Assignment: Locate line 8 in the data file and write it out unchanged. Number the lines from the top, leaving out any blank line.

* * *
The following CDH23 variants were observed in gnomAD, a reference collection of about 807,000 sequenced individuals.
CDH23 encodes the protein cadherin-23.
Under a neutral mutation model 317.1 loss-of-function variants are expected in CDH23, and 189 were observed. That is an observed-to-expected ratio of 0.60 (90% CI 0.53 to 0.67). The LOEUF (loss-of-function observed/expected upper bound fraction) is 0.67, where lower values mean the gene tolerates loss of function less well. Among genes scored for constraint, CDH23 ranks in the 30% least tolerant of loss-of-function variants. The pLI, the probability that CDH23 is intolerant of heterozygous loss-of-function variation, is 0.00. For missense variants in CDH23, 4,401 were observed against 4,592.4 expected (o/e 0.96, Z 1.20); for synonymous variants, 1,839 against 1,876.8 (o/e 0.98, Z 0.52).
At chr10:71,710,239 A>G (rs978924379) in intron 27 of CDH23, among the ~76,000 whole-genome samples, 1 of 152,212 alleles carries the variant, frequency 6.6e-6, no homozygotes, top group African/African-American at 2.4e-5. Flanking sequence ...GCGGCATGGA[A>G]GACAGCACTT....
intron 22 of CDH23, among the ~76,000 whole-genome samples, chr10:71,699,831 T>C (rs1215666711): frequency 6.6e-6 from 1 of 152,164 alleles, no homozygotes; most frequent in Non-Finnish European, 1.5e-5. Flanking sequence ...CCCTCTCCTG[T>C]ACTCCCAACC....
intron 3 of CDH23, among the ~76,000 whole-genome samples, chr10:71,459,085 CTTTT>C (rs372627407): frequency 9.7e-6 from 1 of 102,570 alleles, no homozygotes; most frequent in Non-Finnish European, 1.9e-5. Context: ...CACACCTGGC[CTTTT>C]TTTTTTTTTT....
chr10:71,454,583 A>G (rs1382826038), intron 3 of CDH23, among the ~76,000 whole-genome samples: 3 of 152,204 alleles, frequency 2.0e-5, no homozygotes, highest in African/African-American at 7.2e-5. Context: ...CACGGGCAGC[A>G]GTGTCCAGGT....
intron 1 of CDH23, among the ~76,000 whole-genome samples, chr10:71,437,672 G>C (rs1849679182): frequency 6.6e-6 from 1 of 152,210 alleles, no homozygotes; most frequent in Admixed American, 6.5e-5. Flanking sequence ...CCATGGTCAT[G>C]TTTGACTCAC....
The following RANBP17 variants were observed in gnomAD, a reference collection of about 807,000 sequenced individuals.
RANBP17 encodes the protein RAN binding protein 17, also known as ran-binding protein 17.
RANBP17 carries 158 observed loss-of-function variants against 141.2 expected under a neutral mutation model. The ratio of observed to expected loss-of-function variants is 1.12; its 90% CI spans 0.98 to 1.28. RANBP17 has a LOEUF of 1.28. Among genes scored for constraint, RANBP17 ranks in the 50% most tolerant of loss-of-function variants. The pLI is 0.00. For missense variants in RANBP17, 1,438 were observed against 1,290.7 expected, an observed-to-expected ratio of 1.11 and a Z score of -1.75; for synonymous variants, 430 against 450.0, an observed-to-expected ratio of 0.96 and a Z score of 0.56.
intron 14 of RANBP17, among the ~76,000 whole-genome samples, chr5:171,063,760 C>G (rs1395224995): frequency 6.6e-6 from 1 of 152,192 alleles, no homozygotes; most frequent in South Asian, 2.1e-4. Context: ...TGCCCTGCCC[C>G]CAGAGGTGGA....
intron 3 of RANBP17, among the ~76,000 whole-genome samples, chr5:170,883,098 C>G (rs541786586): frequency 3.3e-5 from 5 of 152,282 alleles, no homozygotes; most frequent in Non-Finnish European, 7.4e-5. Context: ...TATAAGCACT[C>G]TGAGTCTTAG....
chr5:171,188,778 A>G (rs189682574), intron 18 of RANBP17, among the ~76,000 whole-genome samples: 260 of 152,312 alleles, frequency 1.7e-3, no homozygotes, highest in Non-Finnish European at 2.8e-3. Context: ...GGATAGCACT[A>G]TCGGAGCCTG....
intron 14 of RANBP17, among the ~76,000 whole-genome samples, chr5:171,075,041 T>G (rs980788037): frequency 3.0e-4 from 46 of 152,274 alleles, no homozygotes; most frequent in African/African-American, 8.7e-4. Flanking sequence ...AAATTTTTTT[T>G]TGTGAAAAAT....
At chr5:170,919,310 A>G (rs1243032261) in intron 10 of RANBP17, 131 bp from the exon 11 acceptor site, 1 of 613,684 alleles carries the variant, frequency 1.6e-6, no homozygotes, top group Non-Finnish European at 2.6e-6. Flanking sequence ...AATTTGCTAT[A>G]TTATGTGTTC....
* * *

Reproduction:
intron 1 of CDH23, among the ~76,000 whole-genome samples, chr10:71,437,672 G>C (rs1849679182): frequency 6.6e-6 from 1 of 152,210 alleles, no homozygotes; most frequent in Admixed American, 6.5e-5. Flanking sequence ...CCATGGTCAT[G>C]TTTGACTCAC....